You also lose friends by only making use of them when you need them.  When you don’t need them, they get dismissed.  You have to do things to nurture the friendship.  Think of cute things to say to them and do with them.  Ask them how they are doing.  If they have a lot on their plate, tell them that you’re worried and ask if there is anything you can do to lighten the load.  Even if they say no, talking to you may be just what they needed. 

If you know your friend is having an exhausting time with a new baby or some other crisis, come over one night with a fully prepared dinner in Tupperware, hand it to them, and then turn around and leave.  Little things like that show you are thinking of him or her.  Don’t be stingy.  Give more than you get.

Don’t sneak around with your friend’s spouse, boyfriend, or girlfriend.  I can’t even begin to tell you how many people say that their husband or wife left them for their best friend.  Excuse me?  “Best friends” don’t become intimate with each other’s boyfriends, girlfriends, husbands, or wives.  You just don’t do that.

Another tip: learn to compromise and don’t be competitive with their other friends and family.  Just because they don’t do A, B and C with you, appreciate that they do L, G and H with you.  Don’t make them feel stressed out to the point where they feel like they have to choose between you and the rest of the universe.  And if your friend wants to try something new, don’t say no.   People get a little compulsive about their comfort zones.  Both you and your friend should stretch out and try new things. 
 
Don’t make fun of their errors all the time.  I have a friend named Sam who I play tennis with.  One day he was eating dinner at our house after a game, and we started making jokes.  Because he had missed a shot, he sighed and said, “Does that mean I can’t have salad?”  It has become a running joke between the two of us.  Whenever we miss shots we should have made, we keep going back and forth with which parts of dinner we should and shouldn’t get.  You can have a good time poking fun, but don’t belittle each other.

Lastly, act like a friend, not a parent.  You can’t control how other people behave.  If you see your friend being self-destructive in any way, tell them, “It just kills me to see you hurting yourself like this because this is in your control.  It doesn’t feel like it, but it is.”  That’s not being a parent, that’s being a friend.  If their self-destructive behavior becomes more typical, then you have to draw a line.  You’re not telling them how to act – you’re telling them what your expectation of a friend is.  If they don’t fall into that category, then they’re not a friend and they’re not somebody you should put effort into.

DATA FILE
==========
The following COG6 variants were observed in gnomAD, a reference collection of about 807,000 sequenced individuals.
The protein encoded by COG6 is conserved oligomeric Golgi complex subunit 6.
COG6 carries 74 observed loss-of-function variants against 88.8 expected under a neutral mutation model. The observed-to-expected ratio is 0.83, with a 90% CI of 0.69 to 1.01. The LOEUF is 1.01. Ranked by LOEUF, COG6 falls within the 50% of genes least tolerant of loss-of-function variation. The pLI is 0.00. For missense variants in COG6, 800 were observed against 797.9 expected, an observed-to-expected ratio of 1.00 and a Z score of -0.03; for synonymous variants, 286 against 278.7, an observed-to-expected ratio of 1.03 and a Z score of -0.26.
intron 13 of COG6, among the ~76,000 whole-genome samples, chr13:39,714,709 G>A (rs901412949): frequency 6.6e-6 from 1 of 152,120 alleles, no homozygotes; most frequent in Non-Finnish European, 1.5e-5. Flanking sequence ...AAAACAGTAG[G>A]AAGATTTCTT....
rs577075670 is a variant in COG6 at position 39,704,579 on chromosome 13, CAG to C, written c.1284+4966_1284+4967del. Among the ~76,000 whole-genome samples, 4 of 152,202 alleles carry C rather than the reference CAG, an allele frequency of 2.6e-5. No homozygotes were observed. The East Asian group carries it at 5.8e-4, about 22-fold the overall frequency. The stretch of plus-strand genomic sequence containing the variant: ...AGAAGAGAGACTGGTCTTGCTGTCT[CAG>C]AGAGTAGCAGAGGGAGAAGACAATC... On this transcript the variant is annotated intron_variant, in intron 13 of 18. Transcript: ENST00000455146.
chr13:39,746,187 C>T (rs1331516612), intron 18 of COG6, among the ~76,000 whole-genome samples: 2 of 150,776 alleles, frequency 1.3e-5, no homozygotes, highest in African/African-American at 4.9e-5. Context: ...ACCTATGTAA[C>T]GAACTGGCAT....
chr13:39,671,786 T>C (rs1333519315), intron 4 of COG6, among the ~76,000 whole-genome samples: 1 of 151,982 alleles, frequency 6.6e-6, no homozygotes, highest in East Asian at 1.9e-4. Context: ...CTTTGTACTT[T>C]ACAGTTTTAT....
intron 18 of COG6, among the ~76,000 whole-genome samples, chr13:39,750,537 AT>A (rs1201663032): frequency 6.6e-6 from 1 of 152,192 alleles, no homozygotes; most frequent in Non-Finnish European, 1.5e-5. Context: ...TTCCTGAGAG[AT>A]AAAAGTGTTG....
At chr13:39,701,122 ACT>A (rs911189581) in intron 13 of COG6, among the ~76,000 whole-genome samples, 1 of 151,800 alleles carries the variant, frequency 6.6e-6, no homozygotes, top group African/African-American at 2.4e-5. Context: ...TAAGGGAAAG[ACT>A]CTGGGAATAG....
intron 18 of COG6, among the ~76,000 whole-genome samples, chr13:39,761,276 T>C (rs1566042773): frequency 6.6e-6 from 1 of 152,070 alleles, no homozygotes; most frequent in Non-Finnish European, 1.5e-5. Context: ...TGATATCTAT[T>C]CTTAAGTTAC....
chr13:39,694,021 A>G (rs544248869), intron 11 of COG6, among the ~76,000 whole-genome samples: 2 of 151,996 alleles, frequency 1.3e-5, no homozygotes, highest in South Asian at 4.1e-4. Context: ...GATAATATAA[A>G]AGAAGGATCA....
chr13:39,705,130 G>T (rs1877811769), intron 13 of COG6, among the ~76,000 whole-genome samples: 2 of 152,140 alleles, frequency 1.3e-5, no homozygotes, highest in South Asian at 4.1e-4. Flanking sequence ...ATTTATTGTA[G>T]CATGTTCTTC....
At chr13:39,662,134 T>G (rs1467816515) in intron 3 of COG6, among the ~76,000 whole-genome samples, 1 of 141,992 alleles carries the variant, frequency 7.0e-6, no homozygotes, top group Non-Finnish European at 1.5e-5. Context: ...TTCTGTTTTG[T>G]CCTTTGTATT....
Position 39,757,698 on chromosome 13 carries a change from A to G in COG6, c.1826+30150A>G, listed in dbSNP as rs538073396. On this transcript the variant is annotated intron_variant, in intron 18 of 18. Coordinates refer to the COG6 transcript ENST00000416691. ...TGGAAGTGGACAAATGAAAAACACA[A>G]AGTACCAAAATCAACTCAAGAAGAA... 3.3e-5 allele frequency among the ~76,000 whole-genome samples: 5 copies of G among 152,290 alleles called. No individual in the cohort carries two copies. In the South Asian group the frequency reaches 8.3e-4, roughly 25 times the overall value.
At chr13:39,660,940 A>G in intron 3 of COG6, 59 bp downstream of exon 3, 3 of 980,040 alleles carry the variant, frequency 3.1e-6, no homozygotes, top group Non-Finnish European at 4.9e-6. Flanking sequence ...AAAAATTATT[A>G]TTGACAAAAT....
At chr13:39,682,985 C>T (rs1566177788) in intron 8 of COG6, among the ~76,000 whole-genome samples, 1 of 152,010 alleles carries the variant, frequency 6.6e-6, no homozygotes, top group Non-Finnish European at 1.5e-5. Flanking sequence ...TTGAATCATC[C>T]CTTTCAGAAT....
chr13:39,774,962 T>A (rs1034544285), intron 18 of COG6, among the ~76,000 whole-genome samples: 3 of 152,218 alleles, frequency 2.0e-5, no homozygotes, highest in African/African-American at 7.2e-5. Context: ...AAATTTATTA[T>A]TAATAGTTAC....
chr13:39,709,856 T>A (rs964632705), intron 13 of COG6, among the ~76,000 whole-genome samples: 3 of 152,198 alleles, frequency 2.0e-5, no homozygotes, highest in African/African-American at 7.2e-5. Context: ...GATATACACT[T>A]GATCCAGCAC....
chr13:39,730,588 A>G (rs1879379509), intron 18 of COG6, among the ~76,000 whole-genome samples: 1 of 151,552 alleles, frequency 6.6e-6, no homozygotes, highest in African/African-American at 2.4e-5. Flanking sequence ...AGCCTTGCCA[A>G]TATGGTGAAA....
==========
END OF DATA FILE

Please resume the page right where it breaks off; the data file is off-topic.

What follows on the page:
Let’s say, for example, that you have a friend who is married with little kids and is flagrantly having an affair.  I would discuss it with them several times, talk about the impact on the kids, their marriage, etc.  If that doesn’t work, I would ultimately say, “I don’t have friends who betray the people who love them and are willing to have fun at the expense of their kids’ well-being.  I am not interested in putting effort into somebody like that as a friend.”   If they respond by saying, “Oh, well you’re just being judgmental,” you just say back, “Damned straight I am, except I’m judging you as ‘friend’ material.  Whether you’re ‘mother’ or ‘wife’ material is certainly not in my venue.  All I’m judging is whether or not I want to call somebody who is doing this my friend.” 

That’s the kind of discussion you should be having and feel no guilt about.

Improve Your Relationship – Argue!

Did you know that arguing can actually help your relationship?

The best way to elucidate this point is to talk about an argument I had with a friend of mine.  While we were having dinner one night, the conversation shifted to the topic of art.  My friend started telling me a story about a South African artist who had gotten a huge ball of plasticine (a type of plastic material) and rolled it through the streets of a number of poverty-ridden cities in South Africa to make a statement about violence and poverty.  The ball was then displayed in a museum for people to come and say “ooo” and “aww.”  Well I just thought this was too funny and laughed. 

However, he didn’t intend for his story to be funny.  

My friend, who I have known for five or six years and who has always been the most mellow human being on the face of the Earth, got pretty passionate (what I didn’t know at the time was when he was younger, he worked in that museum and it was his responsibility to dust off the ball each night).  And this only made me laugh harder.  I mean he was exhibiting such intense emotional reverence for a big plastic ball that picked up trash!

But then I saw he wasn’t just being passionate.  He was clearly upset.  I just looked at him and said, “OK, let me understand this.  The guy took a huge ball of goopy plastic, rolled it through streets to pick up garbage, and it ended up in a museum?!”  This just seemed like the plot of “The Emperor’s New Clothes” to me.  There was nothing he planned, this was not creative, and whatever got stuck stayed.  How the hell could anybody call that art?